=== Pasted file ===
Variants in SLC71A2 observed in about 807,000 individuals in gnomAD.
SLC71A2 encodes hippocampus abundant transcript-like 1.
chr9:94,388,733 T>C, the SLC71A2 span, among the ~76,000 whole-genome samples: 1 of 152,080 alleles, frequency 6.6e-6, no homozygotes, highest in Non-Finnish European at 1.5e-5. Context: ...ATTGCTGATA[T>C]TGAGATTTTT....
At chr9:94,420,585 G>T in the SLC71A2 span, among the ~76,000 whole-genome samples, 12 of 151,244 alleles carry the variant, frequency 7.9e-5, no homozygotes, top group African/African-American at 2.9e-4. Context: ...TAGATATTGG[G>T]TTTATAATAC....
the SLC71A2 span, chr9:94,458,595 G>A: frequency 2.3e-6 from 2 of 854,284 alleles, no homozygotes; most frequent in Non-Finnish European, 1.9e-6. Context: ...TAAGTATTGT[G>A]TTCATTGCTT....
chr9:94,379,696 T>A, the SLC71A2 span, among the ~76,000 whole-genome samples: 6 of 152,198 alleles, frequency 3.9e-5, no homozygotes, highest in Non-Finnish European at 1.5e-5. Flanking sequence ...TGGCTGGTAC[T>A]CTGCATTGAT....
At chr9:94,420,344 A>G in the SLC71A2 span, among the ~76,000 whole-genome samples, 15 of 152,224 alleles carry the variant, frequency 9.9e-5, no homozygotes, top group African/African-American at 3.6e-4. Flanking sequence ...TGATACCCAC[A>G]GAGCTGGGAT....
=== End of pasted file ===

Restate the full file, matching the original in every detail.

Variants in SLC71A2 observed in about 807,000 individuals in gnomAD.
SLC71A2 encodes hippocampus abundant transcript-like 1.
chr9:94,388,733 T>C, the SLC71A2 span, among the ~76,000 whole-genome samples: 1 of 152,080 alleles, frequency 6.6e-6, no homozygotes, highest in Non-Finnish European at 1.5e-5. Context: ...ATTGCTGATA[T>C]TGAGATTTTT....
At chr9:94,420,585 G>T in the SLC71A2 span, among the ~76,000 whole-genome samples, 12 of 151,244 alleles carry the variant, frequency 7.9e-5, no homozygotes, top group African/African-American at 2.9e-4. Context: ...TAGATATTGG[G>T]TTTATAATAC....
the SLC71A2 span, chr9:94,458,595 G>A: frequency 2.3e-6 from 2 of 854,284 alleles, no homozygotes; most frequent in Non-Finnish European, 1.9e-6. Context: ...TAAGTATTGT[G>A]TTCATTGCTT....
chr9:94,379,696 T>A, the SLC71A2 span, among the ~76,000 whole-genome samples: 6 of 152,198 alleles, frequency 3.9e-5, no homozygotes, highest in Non-Finnish European at 1.5e-5. Flanking sequence ...TGGCTGGTAC[T>A]CTGCATTGAT....
At chr9:94,420,344 A>G in the SLC71A2 span, among the ~76,000 whole-genome samples, 15 of 152,224 alleles carry the variant, frequency 9.9e-5, no homozygotes, top group African/African-American at 3.6e-4. Flanking sequence ...TGATACCCAC[A>G]GAGCTGGGAT....